Originally published by The Detroit Free Press.
The new baby arrived at UP Health Systems in Marquette by ambulance on a January evening, well past dark and nearing, maybe, the end of a long shift for nurse practitioner Kelly Kurin.
Barely a day old, he was a mess — his legs shook uncontrollably. His arms, raised to his head, his tiny fingers splayed, shook too. His skin was red and splotchy with upset; his gasping, desperate cry inconsolable.
The new baby was dope sick. He was in full-on, cold-turkey withdrawal from the opioids his mother took while pregnant.
Kurin and the nurses in the hospital's neonatal intensive care unit checked over the baby, quietly. They knew from experience that noise and commotion would further agitate him, his nervous system frayed. They measured him, wired him to a monitor to track his vital signs, offered him a pacifier in which he expressed mild interest for a couple of seconds before returning to his heartbreaking, gut-wrenching cry.
In a few hours, the infant would get his first dose of methadone, the old school stuff some junkies still receive when they want to get off drugs. A nurse would coax a few droplets into his mouth from a syringe. It would alleviate withdrawal symptoms — low-grade fever, shakes, rigid muscles, sneezes, crying — and help him to sleep.
After that, the NICU nurses would do what they always do with their drug-addicted babies. They'd swaddle him in a light blanket: The babies find the closeness of the fabric soothing. They'd feed him, change him and make him comfortable.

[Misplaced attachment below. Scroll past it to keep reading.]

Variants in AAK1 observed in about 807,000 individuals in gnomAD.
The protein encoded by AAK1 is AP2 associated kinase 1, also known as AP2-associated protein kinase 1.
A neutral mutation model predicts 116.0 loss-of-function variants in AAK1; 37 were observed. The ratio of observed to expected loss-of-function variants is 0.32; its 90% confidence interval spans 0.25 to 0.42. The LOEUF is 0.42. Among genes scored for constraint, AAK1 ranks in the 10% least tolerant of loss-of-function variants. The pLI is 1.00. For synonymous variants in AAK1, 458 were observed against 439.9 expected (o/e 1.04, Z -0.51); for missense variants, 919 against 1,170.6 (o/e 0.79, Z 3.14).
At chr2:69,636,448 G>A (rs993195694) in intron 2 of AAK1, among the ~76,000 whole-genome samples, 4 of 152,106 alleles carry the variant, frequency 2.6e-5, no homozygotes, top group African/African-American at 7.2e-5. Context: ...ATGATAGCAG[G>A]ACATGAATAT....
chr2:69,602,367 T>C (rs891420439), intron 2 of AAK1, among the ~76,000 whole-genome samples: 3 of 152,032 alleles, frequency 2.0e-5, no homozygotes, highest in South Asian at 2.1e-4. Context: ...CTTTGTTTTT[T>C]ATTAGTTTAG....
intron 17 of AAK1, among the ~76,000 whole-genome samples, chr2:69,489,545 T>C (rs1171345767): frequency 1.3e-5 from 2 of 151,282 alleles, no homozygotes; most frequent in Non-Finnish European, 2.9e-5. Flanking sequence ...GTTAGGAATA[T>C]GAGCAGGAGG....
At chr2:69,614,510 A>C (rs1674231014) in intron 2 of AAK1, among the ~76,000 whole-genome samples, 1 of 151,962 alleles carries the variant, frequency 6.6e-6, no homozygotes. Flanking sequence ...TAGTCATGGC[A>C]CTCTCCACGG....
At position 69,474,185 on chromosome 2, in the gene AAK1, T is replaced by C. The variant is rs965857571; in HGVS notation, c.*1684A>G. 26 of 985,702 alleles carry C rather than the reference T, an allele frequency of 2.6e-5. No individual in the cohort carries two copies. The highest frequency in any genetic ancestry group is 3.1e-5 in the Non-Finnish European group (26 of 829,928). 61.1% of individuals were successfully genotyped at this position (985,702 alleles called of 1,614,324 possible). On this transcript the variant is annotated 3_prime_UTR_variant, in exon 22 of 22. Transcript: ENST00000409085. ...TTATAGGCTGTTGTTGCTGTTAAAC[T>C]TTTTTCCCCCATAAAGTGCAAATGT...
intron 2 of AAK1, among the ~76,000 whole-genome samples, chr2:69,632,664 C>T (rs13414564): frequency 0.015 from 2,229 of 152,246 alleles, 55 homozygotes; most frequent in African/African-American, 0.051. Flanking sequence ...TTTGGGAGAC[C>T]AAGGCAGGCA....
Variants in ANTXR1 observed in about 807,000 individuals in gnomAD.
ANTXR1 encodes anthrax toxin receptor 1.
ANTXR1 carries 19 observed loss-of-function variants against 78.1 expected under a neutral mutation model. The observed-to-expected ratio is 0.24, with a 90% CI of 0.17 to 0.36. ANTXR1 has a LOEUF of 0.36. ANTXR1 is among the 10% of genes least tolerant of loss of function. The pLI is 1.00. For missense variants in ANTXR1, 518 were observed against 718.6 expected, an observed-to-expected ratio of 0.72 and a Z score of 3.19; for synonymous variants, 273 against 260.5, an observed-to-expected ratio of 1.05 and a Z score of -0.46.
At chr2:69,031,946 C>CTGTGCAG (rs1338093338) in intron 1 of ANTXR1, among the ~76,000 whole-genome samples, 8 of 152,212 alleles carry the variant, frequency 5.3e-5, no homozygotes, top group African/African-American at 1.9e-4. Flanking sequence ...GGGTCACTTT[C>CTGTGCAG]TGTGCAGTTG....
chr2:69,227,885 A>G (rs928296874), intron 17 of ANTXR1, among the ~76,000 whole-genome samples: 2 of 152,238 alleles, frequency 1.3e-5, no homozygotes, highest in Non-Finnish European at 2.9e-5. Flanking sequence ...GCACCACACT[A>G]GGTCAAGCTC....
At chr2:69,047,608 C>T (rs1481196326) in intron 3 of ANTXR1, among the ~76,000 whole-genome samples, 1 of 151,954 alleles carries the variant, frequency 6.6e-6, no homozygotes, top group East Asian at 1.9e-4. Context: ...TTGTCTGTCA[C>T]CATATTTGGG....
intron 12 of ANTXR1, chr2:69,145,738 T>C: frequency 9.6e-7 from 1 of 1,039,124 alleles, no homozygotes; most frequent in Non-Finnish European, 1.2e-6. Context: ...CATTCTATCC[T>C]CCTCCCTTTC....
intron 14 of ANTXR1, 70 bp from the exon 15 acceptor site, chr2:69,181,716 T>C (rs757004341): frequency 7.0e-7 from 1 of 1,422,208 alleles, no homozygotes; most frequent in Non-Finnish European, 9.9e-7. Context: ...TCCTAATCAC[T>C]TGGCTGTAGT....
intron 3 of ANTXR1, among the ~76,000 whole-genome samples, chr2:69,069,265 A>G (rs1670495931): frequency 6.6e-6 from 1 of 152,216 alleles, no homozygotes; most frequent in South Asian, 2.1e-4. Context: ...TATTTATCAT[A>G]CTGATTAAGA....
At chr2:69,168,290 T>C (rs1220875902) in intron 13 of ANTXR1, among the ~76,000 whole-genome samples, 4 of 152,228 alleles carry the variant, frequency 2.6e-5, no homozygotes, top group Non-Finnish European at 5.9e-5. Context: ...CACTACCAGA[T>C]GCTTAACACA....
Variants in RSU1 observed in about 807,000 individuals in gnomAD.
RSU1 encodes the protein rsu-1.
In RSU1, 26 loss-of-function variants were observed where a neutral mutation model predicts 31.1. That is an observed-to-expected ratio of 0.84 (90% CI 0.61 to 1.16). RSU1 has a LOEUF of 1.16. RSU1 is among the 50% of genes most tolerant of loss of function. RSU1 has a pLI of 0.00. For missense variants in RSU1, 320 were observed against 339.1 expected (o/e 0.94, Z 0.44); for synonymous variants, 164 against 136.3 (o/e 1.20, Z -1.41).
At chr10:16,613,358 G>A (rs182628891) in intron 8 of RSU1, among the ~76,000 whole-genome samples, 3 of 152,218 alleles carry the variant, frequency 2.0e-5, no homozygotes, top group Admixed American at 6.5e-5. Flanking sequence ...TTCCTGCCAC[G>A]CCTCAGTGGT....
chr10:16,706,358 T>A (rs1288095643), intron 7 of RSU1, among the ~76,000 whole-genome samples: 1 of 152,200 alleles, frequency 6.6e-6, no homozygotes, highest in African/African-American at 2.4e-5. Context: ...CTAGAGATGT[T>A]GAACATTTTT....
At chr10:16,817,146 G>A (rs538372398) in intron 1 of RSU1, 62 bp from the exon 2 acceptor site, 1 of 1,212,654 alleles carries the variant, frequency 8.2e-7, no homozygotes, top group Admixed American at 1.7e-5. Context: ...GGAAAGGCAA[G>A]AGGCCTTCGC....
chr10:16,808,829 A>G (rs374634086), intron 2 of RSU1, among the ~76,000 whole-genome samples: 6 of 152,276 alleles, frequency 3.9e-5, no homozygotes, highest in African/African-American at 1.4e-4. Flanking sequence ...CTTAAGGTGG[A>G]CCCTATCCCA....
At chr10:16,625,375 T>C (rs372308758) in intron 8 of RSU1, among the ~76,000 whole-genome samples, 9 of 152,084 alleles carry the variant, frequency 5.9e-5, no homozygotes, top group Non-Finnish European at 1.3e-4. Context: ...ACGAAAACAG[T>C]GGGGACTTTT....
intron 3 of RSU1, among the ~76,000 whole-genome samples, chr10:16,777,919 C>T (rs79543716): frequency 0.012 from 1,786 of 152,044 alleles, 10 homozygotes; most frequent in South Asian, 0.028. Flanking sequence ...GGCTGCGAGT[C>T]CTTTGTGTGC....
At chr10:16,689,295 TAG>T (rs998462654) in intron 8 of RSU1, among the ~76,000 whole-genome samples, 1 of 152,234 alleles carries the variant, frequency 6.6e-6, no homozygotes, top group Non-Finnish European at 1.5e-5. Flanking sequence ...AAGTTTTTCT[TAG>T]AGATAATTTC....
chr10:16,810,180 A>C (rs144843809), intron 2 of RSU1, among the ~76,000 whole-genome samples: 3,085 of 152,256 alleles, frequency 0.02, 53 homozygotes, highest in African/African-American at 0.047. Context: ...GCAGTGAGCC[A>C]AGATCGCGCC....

They'd love him because it's difficult to resist a baby, so cute, so innocent, so vulnerable. And also because lots of times the parents of these drug-exposed babies disappear into the darkness of their own lives and the nurses are all the babies have. They are the only people to talk softly to them and hold them when they are miserable from stomach cramps or raw from diaper rash brought on by the diarrhea that often accompanies their withdrawal. The only people to tell them they are beautiful and special.
"Look at that dimple, so cute," Kurin — who has seen it all in the 27 years she has worked in the NICU — cooed to the new baby.
Though still fretful, he was calming, settling into a crib parked across the room from four more drug-exposed babies and around the corner from another.
Read the full story at: https://www.freep.com/story/news/local/michigan/2018/05/03/opioid-epidem...